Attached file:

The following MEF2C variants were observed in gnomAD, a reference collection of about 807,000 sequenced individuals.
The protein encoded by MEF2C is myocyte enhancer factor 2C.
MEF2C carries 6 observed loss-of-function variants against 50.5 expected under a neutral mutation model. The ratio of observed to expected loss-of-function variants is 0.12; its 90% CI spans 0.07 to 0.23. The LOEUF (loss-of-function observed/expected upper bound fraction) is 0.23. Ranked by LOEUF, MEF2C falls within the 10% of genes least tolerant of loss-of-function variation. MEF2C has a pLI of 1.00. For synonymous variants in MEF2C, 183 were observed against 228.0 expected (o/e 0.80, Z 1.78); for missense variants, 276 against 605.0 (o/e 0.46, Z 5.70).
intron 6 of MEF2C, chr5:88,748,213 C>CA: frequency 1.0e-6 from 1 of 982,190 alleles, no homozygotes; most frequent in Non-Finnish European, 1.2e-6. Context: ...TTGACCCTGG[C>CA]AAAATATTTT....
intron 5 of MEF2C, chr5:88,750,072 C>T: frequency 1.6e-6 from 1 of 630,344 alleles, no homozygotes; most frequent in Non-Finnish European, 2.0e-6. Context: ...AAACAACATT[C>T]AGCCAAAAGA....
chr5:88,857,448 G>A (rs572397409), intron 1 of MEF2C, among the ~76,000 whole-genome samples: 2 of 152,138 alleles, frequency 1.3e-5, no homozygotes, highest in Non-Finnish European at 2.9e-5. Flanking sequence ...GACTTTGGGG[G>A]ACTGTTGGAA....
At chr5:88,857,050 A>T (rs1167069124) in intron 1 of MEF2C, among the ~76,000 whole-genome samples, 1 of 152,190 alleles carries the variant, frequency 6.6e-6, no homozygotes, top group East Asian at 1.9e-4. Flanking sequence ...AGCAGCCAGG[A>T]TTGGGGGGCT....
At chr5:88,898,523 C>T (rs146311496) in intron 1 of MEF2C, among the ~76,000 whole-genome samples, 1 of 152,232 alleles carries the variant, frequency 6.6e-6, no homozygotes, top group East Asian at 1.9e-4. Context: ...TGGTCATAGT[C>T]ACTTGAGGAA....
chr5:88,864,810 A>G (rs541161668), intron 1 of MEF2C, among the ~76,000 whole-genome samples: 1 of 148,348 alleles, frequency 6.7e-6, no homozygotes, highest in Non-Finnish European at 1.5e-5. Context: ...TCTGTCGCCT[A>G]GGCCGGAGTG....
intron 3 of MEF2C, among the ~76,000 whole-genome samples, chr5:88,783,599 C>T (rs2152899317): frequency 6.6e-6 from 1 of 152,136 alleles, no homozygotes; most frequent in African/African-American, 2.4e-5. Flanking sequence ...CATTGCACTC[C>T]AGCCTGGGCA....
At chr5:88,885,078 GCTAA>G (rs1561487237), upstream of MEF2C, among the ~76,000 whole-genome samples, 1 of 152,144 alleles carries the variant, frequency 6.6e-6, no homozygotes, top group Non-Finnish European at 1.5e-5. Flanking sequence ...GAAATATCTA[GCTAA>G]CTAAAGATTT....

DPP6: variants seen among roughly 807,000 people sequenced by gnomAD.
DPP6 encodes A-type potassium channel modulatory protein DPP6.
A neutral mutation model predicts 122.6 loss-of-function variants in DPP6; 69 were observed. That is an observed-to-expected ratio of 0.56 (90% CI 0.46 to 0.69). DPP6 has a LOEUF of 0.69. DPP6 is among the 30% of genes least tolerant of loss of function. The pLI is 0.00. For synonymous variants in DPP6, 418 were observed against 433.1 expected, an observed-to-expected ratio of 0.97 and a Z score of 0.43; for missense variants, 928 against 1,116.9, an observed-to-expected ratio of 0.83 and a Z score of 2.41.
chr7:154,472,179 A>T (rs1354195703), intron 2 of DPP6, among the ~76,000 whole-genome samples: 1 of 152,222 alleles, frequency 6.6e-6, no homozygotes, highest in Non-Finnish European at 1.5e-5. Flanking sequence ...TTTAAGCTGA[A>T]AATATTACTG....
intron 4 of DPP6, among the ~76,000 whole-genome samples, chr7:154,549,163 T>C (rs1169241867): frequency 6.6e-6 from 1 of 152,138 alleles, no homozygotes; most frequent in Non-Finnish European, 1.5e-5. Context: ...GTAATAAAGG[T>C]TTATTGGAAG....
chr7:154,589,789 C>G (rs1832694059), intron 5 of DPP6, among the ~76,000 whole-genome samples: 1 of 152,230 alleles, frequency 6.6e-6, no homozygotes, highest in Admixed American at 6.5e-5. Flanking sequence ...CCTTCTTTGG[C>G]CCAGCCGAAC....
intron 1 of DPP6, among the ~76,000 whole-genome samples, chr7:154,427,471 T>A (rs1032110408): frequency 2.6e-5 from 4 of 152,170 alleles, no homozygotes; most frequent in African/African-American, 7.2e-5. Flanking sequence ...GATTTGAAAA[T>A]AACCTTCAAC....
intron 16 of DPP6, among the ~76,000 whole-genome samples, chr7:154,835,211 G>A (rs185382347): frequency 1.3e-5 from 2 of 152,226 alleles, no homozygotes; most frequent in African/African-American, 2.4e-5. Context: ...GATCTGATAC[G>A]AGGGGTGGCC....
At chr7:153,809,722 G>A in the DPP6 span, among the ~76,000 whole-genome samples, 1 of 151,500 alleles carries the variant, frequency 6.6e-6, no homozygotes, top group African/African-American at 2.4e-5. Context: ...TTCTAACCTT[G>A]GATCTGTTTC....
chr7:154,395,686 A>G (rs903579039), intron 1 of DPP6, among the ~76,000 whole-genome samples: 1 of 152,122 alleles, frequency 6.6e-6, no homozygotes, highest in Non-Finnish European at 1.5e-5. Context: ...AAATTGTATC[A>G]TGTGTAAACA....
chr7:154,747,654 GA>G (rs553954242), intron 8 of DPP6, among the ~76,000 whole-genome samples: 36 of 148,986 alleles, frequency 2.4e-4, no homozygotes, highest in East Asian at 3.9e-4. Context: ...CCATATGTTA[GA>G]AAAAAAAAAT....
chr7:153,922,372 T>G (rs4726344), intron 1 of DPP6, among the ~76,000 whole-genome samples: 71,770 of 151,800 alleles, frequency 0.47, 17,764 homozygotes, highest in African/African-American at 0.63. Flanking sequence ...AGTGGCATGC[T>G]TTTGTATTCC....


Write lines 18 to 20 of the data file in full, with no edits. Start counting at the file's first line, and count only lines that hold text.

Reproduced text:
intron 1 of DPP6, among the ~76,000 whole-genome samples, chr7:154,427,471 T>A (rs1032110408): frequency 2.6e-5 from 4 of 152,170 alleles, no homozygotes; most frequent in African/African-American, 7.2e-5. Flanking sequence ...GATTTGAAAA[T>A]AACCTTCAAC....
intron 16 of DPP6, among the ~76,000 whole-genome samples, chr7:154,835,211 G>A (rs185382347): frequency 1.3e-5 from 2 of 152,226 alleles, no homozygotes; most frequent in African/African-American, 2.4e-5. Context: ...GATCTGATAC[G>A]AGGGGTGGCC....
At chr7:153,809,722 G>A in the DPP6 span, among the ~76,000 whole-genome samples, 1 of 151,500 alleles carries the variant, frequency 6.6e-6, no homozygotes, top group African/African-American at 2.4e-5. Context: ...TTCTAACCTT[G>A]GATCTGTTTC....